The Scoop on Keeping Your Small Business Customers Happy and Engaged
Small business owners and savvy marketers know that in order for your promotions and sales efforts to be most effective, you should know as much as possible about your potential customer; what their habits are both online and off, their income, commute habits, communication preferences, etc.
This all helps paint a picture of their needs, and helps you determine at what point your products or services could be of use to them. This type of personalized data on your customer is incredibly valuable, and one of the reasons why big data is such a rapidly growing market.
Yet for most small businesses, finding the right customer at the right time using snippets of demographic and other consumer behavior data can be time consuming and hit-or-miss. Even the best, most thoroughly researched marketing campaigns only convert a small percentage of their target audience.
Customer engagement begins with your logo.
A number of our small business clients come to us because they need a better web presence or want to begin marketing their business online. We hate to do it, but sometimes we have to pump the brakes, take a step back and discuss their branding. For most small businesses, "branding" may consist of their logo and perhaps a small set of preferred colors, and maybe, if we're lucky, some defined fonts and images.
But the importance of your small business' logo cannot be overstated. The logo is often the first interaction and subsequent reaction a new prospect experiences when discovering your business. So the important question is: does it send the message you want to communicate about your company?
By Andrew Hansen, Copywriter
What is a Lead Magnet and Why Every Small Business Needs One
In the digital age where the majority of potential clients are targeted by businesses online, consumers often find their email inboxes bombarded with promotional deals and advertisements from one-time sign-up offers. These attempts by businesses to incentivize potential customers often miss their mark- emails go unread before deletion or are sent straight to the spam folder.
By utilizing lead magnets, small businesses can ensure they get the coveted email subscription of prospective clients by promising relevant information. In essence, lead magnets have a dual-serving purpose: potential buyers can access useful, relevant information from businesses who in turn benefit by securing the contact information of the said prospective clients.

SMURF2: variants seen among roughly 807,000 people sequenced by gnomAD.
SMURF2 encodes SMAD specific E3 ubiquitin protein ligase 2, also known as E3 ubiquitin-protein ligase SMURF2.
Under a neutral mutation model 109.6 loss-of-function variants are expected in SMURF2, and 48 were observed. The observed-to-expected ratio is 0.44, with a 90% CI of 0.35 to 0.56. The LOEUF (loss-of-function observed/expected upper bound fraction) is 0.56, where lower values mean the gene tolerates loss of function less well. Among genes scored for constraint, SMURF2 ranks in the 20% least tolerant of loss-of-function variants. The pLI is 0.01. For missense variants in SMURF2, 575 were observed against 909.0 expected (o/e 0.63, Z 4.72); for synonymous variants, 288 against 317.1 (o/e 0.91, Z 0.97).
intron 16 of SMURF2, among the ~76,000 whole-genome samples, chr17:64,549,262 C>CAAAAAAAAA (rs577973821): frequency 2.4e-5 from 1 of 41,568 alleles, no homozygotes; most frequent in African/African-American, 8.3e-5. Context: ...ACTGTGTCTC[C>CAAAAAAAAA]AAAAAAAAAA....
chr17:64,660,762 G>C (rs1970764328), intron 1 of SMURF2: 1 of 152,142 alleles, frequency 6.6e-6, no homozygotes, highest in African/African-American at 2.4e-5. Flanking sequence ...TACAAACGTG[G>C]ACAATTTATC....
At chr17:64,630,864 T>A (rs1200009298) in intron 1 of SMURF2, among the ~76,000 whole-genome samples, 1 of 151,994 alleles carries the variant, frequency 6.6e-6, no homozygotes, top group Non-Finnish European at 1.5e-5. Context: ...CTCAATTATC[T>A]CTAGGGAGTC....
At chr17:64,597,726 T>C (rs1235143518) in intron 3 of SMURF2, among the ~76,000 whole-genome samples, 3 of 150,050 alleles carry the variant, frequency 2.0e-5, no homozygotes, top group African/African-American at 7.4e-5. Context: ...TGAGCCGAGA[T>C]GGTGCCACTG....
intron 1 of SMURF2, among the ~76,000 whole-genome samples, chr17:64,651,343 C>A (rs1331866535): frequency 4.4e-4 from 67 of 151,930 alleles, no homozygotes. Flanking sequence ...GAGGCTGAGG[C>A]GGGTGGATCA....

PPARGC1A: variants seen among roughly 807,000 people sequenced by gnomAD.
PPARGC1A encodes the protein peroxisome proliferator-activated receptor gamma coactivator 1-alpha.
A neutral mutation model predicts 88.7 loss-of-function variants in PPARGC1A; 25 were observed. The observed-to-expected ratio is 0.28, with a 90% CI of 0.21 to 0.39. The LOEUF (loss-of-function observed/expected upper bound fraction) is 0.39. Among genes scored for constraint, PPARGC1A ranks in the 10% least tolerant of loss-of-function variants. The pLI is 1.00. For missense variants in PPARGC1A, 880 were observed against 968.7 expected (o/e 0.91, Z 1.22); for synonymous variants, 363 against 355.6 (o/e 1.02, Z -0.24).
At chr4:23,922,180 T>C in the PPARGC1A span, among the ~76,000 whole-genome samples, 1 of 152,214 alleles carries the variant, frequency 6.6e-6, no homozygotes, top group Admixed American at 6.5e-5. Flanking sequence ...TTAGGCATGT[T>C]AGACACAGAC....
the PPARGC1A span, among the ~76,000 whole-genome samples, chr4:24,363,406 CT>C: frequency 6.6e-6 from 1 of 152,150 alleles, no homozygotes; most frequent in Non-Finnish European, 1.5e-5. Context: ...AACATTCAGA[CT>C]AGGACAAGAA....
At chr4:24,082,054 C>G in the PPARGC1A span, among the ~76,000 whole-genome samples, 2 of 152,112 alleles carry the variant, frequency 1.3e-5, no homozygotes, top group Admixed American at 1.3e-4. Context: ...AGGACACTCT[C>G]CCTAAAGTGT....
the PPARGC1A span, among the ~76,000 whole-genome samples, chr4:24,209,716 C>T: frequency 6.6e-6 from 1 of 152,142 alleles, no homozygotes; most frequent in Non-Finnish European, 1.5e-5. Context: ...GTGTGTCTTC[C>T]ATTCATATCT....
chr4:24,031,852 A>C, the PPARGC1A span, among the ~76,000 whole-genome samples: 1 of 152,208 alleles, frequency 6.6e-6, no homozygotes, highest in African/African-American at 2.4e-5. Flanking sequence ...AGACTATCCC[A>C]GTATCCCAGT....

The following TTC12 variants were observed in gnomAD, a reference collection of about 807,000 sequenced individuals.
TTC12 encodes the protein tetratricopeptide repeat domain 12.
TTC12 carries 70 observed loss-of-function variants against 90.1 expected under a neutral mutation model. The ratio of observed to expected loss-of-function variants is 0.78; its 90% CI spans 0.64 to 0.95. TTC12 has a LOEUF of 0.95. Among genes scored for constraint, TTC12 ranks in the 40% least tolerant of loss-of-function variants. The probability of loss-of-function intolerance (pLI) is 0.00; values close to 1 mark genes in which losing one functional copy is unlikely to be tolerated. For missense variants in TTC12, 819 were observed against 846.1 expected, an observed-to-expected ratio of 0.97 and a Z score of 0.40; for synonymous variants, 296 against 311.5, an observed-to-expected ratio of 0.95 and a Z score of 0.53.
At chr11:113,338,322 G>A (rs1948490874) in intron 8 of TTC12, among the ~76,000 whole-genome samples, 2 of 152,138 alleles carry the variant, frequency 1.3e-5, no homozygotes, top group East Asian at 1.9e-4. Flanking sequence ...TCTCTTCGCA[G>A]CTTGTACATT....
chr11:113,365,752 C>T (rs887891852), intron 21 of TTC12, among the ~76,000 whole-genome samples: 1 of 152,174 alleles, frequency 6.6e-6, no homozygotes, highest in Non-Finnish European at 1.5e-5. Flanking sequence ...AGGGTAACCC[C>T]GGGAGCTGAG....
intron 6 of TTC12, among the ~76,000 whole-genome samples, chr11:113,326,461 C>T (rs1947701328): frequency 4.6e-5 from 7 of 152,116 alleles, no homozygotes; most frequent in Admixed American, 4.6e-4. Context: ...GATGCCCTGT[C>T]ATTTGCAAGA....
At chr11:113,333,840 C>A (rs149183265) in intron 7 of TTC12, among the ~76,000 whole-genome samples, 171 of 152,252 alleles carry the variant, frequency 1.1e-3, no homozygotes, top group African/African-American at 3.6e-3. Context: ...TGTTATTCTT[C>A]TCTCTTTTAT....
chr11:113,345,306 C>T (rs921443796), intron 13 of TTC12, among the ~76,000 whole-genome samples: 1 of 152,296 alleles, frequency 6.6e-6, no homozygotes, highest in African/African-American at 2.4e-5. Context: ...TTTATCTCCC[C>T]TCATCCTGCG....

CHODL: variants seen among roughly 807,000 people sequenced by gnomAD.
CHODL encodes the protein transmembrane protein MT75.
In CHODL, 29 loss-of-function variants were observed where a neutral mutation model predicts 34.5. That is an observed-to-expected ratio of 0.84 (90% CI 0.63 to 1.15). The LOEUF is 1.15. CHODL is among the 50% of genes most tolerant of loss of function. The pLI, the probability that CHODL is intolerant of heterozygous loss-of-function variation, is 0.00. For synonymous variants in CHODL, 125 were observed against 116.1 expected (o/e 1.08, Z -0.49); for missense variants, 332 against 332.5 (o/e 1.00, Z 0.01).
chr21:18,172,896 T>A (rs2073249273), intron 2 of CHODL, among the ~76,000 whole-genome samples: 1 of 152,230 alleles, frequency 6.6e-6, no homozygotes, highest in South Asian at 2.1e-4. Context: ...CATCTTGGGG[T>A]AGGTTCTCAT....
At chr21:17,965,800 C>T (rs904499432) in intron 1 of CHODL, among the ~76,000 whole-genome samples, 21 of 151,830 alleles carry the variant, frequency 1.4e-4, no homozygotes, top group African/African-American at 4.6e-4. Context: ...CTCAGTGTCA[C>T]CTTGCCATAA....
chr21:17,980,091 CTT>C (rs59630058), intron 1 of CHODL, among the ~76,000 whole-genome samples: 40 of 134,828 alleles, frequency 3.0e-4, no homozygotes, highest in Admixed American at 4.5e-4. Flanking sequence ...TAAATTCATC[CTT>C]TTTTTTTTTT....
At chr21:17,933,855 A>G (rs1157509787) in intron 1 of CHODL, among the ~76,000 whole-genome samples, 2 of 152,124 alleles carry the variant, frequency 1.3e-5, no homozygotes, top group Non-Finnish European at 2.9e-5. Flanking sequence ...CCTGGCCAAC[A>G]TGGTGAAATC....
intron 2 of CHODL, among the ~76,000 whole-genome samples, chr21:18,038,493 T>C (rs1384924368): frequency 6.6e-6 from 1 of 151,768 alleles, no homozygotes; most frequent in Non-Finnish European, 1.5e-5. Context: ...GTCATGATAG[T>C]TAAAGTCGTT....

Simply put, lead magnets attract leads. Here's what makes a good lead magnet that attracts customers:
9 Statistics About Online Consumer Behavior to Consider Before Starting a Digital Marketing Campaign
As a small business owner, deciding where to spend our marketing budget can be a challenge. On the one hand you may want to be everywhere and not miss an opportunity to woo potential customers. On the other hand, you need to be strategic about your digital marketing spend to ensure you squeeze the most marketing juice out of your campaigns.
So how do you discover where your potential customers are hanging out online and how do you engage them there? Luckily we've found some great data to share...
What do you do if your social following has plateaued or dropped off?
We have a lot of empathy for our small business clients who are struggling to make an impact on social media. It can be a challenge to devote time and resources to managing your social channels. It can be even harder to continue to tread that social water if you're not seeing results in the way of an increase in followers or engagements.
But if your primary focus on social media is worrying about content ideas and what to post, you may be missing out on opportunities to engage your followers and grow your communities. Here are six things you should be doing on social media besides posting your own content to help you be more a efficient and effective social media marketer:
How to Raise Prices without Losing Customers
If you've been in business for awhile, eventually you face the reality that at some point in time you will need to raise your prices. Usually external forces are at play - either your suppliers have raised theirs or other costs of doing business have increased. Clearly, this is not the most pleasant aspect of small business ownership, but a reality nonetheless.
So how do you go about raising your prices without risking sales volume and loyal customers? ValPak offers some valuable insights and data points to consider: